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Software Defined Networks’ Security: An Analysis of Issues and Solutions

Egbenimi Beredugo Eskca, Omar Abuzaghleh, Priya Joshi, Sandeep Bondugula, Takamasa Nakayama, Amreen Sultana

Abstract-Lately, Software Defined Networks (SDN) has received a lot of attention as a new technology which provides more flexibility than conventional network. It is the decoupling of the data plane from the control plane. In the implementation of SDN, three outstanding benefits readily come to mind; network flexibility, speedy service provisioning and efficiency as well as lower operating expense. SDN also has vast potential of programmability, configurability and manageability from its unique character of centralized software control. The exponential growth of mobile devices and content, server virtualization and the introduction of cloud services are among the key computing trends which need new networking architecture. Furthermore, handling today’s “big data” requires extensive parallel processing on thousands of servers, all of which needs secure connections to each other. These massive, complex, and sensitive data and user requirements beckons on a new improved, dynamic and dependable network infrastructure and architecture which is promised on the centralized control based architecture of SDN. This paper attempts to delineate the strengths and weaknesses of SDN. We commence with a listing of identifiable security threats and breaches of SDN. The paper then makes an analysis of previously outlined solutions to identifiable security issues of SDN. We venture further into the horizon of the unknown to predict and identify new security breaches and threats, as well as areas of inherent weakness in the overall SDN architecture and infrastructure. Possible solutions to the identified issues are proffered and analyzed by the paper. In view of the limitations of this research, the paper prescribes possible positions for future researchers to adopt, in order to shed more light to the pertinent security issues of SDN.

Index Terms- CRUTIAL, DDOS, FortNox, OpenFlow, OpenSec, OpenVSwitch, SDN, Software Defined Networking, STRIDE


he apparent rigidity and lack of flexibility and programmability of legacy network architecture has been the concern of many networking enthusiast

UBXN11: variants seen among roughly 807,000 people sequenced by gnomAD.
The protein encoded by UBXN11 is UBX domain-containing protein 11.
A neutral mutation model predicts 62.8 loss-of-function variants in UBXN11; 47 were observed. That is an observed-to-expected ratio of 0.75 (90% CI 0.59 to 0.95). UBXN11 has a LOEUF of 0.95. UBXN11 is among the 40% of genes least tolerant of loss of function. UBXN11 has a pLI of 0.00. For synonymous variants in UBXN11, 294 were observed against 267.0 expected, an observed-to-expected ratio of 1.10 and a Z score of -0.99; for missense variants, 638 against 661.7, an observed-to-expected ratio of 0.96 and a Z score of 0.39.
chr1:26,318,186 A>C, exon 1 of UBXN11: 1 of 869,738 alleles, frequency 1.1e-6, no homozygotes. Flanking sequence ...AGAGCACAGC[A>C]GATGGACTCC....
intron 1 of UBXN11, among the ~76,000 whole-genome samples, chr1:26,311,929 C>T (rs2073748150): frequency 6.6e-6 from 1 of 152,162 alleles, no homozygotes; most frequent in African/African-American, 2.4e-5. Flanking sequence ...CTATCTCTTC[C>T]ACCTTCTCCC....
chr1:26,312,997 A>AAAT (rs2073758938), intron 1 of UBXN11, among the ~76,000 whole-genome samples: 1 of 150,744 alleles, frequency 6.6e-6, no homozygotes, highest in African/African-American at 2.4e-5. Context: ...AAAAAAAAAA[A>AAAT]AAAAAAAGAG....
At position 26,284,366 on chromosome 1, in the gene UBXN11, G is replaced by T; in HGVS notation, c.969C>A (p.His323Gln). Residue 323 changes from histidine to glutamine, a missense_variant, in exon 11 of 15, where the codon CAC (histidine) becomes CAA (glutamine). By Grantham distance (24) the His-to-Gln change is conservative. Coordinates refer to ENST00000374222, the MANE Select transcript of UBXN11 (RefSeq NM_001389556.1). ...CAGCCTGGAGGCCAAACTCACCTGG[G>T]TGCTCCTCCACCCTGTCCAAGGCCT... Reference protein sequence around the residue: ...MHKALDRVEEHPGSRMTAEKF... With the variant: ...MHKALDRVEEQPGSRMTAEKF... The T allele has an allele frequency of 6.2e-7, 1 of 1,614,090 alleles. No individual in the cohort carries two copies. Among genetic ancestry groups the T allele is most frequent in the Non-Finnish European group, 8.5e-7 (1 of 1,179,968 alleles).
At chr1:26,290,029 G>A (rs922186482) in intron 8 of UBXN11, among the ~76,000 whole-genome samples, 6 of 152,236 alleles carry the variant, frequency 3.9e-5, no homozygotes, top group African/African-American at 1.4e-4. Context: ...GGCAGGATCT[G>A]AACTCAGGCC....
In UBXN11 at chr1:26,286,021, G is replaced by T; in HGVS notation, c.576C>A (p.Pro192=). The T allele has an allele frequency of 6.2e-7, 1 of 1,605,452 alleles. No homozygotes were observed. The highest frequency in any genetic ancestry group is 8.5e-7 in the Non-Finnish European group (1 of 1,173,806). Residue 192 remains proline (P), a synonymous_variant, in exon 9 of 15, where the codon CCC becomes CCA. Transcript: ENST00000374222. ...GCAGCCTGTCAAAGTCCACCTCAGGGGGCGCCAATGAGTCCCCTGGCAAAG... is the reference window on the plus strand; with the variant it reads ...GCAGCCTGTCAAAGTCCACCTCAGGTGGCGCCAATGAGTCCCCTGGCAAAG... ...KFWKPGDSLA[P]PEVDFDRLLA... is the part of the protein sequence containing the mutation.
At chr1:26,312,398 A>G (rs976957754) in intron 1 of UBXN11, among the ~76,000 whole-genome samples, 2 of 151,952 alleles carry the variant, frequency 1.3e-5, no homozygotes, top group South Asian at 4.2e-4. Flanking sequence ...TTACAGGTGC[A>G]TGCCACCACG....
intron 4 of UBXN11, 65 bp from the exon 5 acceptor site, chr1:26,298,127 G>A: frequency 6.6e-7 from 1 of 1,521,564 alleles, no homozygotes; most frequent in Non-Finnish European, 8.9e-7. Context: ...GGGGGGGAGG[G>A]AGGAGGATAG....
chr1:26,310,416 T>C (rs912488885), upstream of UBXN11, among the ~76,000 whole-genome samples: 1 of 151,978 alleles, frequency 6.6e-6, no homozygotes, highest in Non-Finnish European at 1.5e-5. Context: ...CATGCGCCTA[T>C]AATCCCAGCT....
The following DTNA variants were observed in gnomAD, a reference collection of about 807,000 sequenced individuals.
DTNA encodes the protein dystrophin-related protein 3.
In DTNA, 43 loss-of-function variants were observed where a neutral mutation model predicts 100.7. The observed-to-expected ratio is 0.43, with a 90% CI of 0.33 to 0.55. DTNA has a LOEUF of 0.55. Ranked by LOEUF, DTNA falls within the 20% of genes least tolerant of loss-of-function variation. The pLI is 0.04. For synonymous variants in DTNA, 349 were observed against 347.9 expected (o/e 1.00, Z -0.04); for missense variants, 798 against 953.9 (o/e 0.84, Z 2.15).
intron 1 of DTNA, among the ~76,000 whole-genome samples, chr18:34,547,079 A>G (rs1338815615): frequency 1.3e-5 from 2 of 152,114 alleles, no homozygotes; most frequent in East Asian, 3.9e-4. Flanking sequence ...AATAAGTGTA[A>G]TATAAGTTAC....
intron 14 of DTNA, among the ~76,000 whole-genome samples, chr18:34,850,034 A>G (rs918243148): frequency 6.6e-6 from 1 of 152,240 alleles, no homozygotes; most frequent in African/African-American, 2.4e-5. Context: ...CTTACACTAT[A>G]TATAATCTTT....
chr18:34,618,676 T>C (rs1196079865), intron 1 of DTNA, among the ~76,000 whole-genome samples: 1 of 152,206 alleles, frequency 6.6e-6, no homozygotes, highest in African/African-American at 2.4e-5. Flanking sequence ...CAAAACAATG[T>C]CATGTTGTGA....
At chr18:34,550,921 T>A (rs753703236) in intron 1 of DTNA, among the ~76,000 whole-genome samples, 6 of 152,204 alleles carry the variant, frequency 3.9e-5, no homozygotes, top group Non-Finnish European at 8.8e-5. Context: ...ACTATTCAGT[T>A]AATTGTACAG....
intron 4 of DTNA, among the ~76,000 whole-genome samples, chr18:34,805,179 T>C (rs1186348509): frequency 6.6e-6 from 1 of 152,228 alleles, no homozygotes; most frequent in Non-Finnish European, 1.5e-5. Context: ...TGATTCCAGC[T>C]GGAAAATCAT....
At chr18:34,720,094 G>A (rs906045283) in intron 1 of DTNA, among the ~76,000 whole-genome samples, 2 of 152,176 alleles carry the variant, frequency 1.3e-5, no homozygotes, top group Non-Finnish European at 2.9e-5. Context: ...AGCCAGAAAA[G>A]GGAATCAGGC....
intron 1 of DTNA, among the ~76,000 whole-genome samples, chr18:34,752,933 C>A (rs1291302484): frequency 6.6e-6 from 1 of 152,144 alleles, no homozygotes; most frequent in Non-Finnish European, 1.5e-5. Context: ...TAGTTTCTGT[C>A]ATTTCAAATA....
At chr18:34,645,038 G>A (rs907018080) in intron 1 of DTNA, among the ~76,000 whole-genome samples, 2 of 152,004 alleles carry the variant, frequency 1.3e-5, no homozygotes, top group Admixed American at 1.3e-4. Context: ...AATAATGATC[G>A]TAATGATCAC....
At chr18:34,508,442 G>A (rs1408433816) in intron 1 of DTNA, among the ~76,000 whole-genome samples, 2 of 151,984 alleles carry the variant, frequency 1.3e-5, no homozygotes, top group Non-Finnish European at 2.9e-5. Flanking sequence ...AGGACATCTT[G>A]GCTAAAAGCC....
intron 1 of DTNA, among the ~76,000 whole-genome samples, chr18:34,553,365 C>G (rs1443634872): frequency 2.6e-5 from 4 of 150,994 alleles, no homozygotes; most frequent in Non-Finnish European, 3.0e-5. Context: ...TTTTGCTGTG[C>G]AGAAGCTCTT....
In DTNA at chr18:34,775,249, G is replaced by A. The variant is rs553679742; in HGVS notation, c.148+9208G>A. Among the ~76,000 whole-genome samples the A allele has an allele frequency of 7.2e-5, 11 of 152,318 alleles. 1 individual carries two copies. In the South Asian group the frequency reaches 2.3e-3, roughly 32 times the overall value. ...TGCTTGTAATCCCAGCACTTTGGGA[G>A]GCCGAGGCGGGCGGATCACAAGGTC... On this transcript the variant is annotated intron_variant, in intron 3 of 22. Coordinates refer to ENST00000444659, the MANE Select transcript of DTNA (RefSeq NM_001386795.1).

over the years. The necessity to overcome these lapses in
today’s network has been the focus of many industry and
academic research efforts. Chief amongst these are work
carried out on programmable networks such as, active
networks, programmable ATM networks and on proposals for control and data plane decoupling such as the network control points (NCP) and routing control platform (RCP) [1]. Consequent upon these remarkable contributions is the requirement to deliberately isolate the functionality of the data plane from that of the control plane. The current standard, in which the data forwarding functions and the control functions are built into a single hardware, is the reason for and the basis of the lack of flexibility and programmability of the current network structure. The argument has been made and reasonably so, that if the data and control functions are decoupled and isolated from the single plane on which they hitherto reside,
networks would be flexible and programmable in a manner that would overcome most of the setbacks of today’s network architecture: complexity, management nightmare, heterogeneity and manual configuration.
Software defined networks (SDN) is the proposed
solution to the current issue of the de facto network
architecture. With SDN the data plane is separated from the control plane, and network control can be centrally administered.
Our research effort anchors on the need for a thorough analysis of foreseeable security challenges, and their
proposed solutions, as well as identifies new security challenges in SDN and proffer possible solutions to these challenges. We commence with a brief literature review and trends on SDN, and conclude with possible solutions, and suggestions on the way forward regarding the research for a secure software defined network.


The key ingredients of a secured communication network are: confidentiality, integrity, data availability, ease of authentication and non-repudiation [1], [2], [3]. Sandra et al sited the contribution of Ethane et al and how the Ethane architecture of SDN extended the proposal of an existing architecture-SANE. They pointed out that, although the Ethane architecture outlined a more detailed analysis on what SDN and openFlow would later become,

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the architecture suffers from a number of major flaws; including but not limited to the fact that application traffic could comprise network policy.
The introduction of a software extension called FortNox, to the openFlow controller provided an initial standard to measure SDN networks on the basis of their security performance [4]. FortNox provided a role based security system for openFlow with three levels of access. It is a scheme in which the security precedence level of the role inserting application decides, which role takes precedence over another.
In analyzing SDN security, focus is primarily anchored on the Distributed denial of service and how it can be used to target SDN based networks. In some papers [5], [9], the
purpose and the strategies employed by attackers to exploit the vulnerability of SDN based networks are clearly pointed out. The purpose of these attacks is to deplete bandwidth and exhaust network resource. A major strategy of DDOS attacks outlined by the authors is the use of program snippets called botnets, which are injected into a machine in the target network, from whence the attack is initiated.
The OpenSec’s innovative approach allows operators to customize the security of the network using human-
readable policies and how the controller reacts automatically when malicious traffic is detected [10]. An Orchestrator-based architecture that utilizes Network Monitoring and SDN Control functions to develop security applications was also proposed for OpenSec’ security implementation of SDN[11].